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    Philip H. Sheridan: Five-Page Manuscript Account of "Sheridan's Ride". Phil Sheridan (1831-1888), one of the most celebrated and prominent Union commanders, gained immortality through his famous ride from Winchester, glorified in a famous painting and a poem by Thomas Buchanan Read. In September 1864, Sheridan defeated Jubal Early at Third Winchester and Fisher's Hill. Early received reinforcements and launched a surprise attack at Cedar Creek while Sheridan was ten miles away. Hearing artillery in the distance, Sheridan rode aggressively and arrived at 10:30 AM to assume command. The resulting victory effectively canceled the future effectiveness of Early's army, prompting a letter of thanks and a promotion from President Lincoln. Grant ordered a 100-gun salute in celebration and wrote a glowing letter of commendation to the Secretary of War. This lot contains five Western Union telegraph forms, each 5 1/4" x 8" and displayed within windows on album pages. Undated, they were written sometime in the 1880's from Chicago and directed towards Colonel Herbert E. Hill of Boston. They are entirely in Sheridan's handwriting (save for some telegraph company employee annotations and the recapitulation of battle statistics on the last page) and signed by him on the 4th and 5th pages. Sheridan gives his personal, first-hand account of the events leading up to the desperate ride that catapulted him to everlasting glory. In part: "... While in bed at the house of Colonel Edwards... the sound of scattered artillery shots. These I supposed to be made by Grover's division of the 19th Corps which was to have made a reconnaissance that morning - my black horse was saddled... and we started about eight o'clock.... on reaching the southern suburbs of the town the sound of artillery made a battle for me unmistakable. We walked leisurely until we reached Mill Creek... saw the heads of the retreating troops & coming rapidly to the rear I at once ordered a halt. Directed that the trains be stopped and parked at Mill Creek... then taking twenty men from the escort I rode rapidly on or parallel to the valley pike as the crowd of stragglers would permit until I struck Gettys Division of the sixth corps... I rode my black horse until just before the final attack at four o'clock in the afternoon when I changed to my gray horse which I rode until the battle was over." Housed in a custom clam shell cloth & leather case with gold-stamped spine and cover.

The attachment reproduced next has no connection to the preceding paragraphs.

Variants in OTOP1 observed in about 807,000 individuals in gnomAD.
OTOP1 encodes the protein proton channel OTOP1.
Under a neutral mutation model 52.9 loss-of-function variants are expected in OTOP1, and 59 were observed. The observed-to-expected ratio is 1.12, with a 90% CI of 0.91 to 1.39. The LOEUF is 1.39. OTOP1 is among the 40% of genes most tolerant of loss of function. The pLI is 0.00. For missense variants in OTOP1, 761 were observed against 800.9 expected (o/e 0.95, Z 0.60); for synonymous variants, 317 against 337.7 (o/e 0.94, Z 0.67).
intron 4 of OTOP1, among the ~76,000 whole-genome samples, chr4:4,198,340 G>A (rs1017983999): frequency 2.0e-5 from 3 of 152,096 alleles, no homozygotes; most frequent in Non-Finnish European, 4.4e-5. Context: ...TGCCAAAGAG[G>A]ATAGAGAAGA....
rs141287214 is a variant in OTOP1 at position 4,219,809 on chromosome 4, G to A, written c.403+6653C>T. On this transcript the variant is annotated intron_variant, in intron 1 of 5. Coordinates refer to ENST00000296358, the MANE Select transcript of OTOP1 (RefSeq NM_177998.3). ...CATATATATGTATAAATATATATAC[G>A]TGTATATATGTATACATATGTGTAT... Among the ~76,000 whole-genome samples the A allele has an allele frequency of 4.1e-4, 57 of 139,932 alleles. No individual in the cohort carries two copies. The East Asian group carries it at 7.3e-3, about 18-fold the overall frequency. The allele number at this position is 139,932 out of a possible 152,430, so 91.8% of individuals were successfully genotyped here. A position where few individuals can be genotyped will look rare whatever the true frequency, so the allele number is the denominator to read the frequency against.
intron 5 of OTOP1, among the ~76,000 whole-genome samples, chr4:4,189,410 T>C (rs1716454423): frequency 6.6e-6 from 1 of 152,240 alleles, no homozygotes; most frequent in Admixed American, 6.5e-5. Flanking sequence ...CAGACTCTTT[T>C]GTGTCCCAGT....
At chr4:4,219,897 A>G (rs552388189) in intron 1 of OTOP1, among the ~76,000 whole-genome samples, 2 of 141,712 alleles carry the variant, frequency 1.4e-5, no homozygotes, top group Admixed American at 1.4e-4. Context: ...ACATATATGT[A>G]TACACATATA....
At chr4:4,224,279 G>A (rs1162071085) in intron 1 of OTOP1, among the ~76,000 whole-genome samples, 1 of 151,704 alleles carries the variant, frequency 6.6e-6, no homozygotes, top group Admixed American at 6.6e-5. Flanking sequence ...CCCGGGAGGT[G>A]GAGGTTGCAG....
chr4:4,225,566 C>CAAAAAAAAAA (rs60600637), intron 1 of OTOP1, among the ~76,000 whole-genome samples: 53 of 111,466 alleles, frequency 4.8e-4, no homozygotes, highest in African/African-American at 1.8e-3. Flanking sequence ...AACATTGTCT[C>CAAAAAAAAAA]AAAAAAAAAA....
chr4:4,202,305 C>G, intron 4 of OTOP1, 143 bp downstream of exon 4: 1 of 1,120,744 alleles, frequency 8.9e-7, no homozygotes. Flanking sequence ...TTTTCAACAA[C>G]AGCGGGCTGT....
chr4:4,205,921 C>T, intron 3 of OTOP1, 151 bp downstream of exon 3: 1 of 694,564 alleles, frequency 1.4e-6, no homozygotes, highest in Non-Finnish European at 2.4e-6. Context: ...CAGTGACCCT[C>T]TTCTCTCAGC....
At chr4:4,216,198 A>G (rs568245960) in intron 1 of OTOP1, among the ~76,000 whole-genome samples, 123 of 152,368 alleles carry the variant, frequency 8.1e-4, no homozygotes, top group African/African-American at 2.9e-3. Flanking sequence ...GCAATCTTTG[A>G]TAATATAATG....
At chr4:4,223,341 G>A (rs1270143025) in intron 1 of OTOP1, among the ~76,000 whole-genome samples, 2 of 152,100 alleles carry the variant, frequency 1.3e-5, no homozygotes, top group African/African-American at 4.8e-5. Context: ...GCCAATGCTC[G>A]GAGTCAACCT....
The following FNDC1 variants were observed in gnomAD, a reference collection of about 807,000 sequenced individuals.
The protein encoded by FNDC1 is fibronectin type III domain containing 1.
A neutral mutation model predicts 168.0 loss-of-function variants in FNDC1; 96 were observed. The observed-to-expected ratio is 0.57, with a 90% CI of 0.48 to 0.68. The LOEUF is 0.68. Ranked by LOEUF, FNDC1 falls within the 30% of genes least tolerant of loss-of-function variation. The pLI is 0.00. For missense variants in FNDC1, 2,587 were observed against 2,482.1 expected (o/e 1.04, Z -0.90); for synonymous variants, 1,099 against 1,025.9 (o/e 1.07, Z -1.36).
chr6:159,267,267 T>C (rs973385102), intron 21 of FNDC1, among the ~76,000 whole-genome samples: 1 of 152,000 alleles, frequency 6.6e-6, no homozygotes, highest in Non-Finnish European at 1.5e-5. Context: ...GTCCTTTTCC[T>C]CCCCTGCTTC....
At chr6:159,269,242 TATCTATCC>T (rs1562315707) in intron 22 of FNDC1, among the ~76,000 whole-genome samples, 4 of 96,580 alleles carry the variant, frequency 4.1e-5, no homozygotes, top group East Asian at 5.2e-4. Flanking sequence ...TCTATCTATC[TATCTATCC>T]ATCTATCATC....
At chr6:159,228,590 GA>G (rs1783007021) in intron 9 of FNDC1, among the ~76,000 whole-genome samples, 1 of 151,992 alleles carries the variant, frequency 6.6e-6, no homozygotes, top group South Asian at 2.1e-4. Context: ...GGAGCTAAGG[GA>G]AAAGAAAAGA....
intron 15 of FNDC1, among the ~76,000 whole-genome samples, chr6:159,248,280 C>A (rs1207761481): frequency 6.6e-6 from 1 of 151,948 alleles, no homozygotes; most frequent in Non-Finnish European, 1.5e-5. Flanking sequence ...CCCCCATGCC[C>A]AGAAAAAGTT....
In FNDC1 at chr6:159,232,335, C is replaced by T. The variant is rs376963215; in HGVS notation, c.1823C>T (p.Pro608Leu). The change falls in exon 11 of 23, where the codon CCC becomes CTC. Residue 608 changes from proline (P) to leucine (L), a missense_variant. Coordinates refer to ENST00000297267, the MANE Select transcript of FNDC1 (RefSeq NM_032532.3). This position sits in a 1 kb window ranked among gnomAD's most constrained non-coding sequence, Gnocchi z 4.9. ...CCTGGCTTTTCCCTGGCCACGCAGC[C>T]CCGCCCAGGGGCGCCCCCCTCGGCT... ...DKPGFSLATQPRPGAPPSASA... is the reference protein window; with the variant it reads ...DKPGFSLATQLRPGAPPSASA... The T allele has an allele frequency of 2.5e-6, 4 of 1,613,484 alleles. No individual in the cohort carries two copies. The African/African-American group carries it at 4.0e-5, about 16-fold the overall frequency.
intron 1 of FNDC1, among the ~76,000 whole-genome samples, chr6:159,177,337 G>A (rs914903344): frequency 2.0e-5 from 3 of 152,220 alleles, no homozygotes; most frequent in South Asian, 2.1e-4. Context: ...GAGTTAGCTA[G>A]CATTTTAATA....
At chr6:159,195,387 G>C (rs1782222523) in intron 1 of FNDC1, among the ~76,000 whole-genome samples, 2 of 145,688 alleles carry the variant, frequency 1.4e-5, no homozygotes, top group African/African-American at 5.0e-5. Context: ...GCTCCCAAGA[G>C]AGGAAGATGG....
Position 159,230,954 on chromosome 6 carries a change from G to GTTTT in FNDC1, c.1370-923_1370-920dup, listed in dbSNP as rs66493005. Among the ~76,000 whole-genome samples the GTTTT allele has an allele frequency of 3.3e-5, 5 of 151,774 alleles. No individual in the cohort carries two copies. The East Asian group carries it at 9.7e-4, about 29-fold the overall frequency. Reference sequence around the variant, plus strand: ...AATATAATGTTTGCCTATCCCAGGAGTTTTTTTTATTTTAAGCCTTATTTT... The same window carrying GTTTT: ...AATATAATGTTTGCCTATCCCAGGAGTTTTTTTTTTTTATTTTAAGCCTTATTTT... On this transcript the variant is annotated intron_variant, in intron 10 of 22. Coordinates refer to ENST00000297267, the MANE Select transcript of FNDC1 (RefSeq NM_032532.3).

Auction Info

    Auction Dates
    December, 2015
    12th Saturday
    Bids + Registered Phone Bidders: 2
    Lot Tracking Activity: N/A
    Page Views: 1,171

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